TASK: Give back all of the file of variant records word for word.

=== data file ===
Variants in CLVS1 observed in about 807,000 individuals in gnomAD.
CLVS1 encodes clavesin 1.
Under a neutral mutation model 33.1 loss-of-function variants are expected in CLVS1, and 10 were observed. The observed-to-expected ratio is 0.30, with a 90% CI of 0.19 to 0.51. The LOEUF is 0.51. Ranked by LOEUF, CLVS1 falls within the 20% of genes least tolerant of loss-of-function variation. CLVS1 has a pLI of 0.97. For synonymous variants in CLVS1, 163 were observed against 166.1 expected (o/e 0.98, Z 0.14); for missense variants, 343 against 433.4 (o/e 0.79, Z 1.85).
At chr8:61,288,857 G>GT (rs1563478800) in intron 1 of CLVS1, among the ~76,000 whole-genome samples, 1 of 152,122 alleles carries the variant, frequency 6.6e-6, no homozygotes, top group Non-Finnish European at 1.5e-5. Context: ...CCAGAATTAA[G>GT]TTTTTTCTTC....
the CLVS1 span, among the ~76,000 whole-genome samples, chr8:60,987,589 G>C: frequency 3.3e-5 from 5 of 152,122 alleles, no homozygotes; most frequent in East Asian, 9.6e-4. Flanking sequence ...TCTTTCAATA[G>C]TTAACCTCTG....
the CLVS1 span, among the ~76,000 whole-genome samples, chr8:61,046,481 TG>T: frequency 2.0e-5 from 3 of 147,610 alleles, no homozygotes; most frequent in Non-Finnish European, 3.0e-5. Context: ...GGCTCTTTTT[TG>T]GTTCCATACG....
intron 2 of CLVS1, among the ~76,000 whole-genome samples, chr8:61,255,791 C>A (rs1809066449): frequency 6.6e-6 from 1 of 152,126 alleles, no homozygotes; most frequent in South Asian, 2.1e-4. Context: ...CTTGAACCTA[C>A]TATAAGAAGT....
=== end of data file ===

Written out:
Variants in CLVS1 observed in about 807,000 individuals in gnomAD.
CLVS1 encodes clavesin 1.
Under a neutral mutation model 33.1 loss-of-function variants are expected in CLVS1, and 10 were observed. The observed-to-expected ratio is 0.30, with a 90% CI of 0.19 to 0.51. The LOEUF is 0.51. Ranked by LOEUF, CLVS1 falls within the 20% of genes least tolerant of loss-of-function variation. CLVS1 has a pLI of 0.97. For synonymous variants in CLVS1, 163 were observed against 166.1 expected (o/e 0.98, Z 0.14); for missense variants, 343 against 433.4 (o/e 0.79, Z 1.85).
At chr8:61,288,857 G>GT (rs1563478800) in intron 1 of CLVS1, among the ~76,000 whole-genome samples, 1 of 152,122 alleles carries the variant, frequency 6.6e-6, no homozygotes, top group Non-Finnish European at 1.5e-5. Context: ...CCAGAATTAA[G>GT]TTTTTTCTTC....
the CLVS1 span, among the ~76,000 whole-genome samples, chr8:60,987,589 G>C: frequency 3.3e-5 from 5 of 152,122 alleles, no homozygotes; most frequent in East Asian, 9.6e-4. Flanking sequence ...TCTTTCAATA[G>C]TTAACCTCTG....
the CLVS1 span, among the ~76,000 whole-genome samples, chr8:61,046,481 TG>T: frequency 2.0e-5 from 3 of 147,610 alleles, no homozygotes; most frequent in Non-Finnish European, 3.0e-5. Context: ...GGCTCTTTTT[TG>T]GTTCCATACG....
intron 2 of CLVS1, among the ~76,000 whole-genome samples, chr8:61,255,791 C>A (rs1809066449): frequency 6.6e-6 from 1 of 152,126 alleles, no homozygotes; most frequent in South Asian, 2.1e-4. Context: ...CTTGAACCTA[C>A]TATAAGAAGT....